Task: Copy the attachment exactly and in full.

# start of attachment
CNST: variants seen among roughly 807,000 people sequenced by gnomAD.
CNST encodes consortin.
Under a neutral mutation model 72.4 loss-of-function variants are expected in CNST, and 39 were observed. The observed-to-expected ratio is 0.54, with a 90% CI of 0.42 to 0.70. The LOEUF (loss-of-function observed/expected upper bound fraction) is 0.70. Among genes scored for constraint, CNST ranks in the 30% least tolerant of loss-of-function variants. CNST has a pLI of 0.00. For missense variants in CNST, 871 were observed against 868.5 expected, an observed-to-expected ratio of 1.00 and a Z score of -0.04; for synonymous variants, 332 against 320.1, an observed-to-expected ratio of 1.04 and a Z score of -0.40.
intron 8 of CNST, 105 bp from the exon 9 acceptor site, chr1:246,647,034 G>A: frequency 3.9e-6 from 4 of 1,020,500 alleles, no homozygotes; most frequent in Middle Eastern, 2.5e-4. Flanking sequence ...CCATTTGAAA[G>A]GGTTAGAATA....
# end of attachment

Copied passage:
CNST: variants seen among roughly 807,000 people sequenced by gnomAD.
CNST encodes consortin.
Under a neutral mutation model 72.4 loss-of-function variants are expected in CNST, and 39 were observed. The observed-to-expected ratio is 0.54, with a 90% CI of 0.42 to 0.70. The LOEUF (loss-of-function observed/expected upper bound fraction) is 0.70. Among genes scored for constraint, CNST ranks in the 30% least tolerant of loss-of-function variants. CNST has a pLI of 0.00. For missense variants in CNST, 871 were observed against 868.5 expected, an observed-to-expected ratio of 1.00 and a Z score of -0.04; for synonymous variants, 332 against 320.1, an observed-to-expected ratio of 1.04 and a Z score of -0.40.
intron 8 of CNST, 105 bp from the exon 9 acceptor site, chr1:246,647,034 G>A: frequency 3.9e-6 from 4 of 1,020,500 alleles, no homozygotes; most frequent in Middle Eastern, 2.5e-4. Flanking sequence ...CCATTTGAAA[G>A]GGTTAGAATA....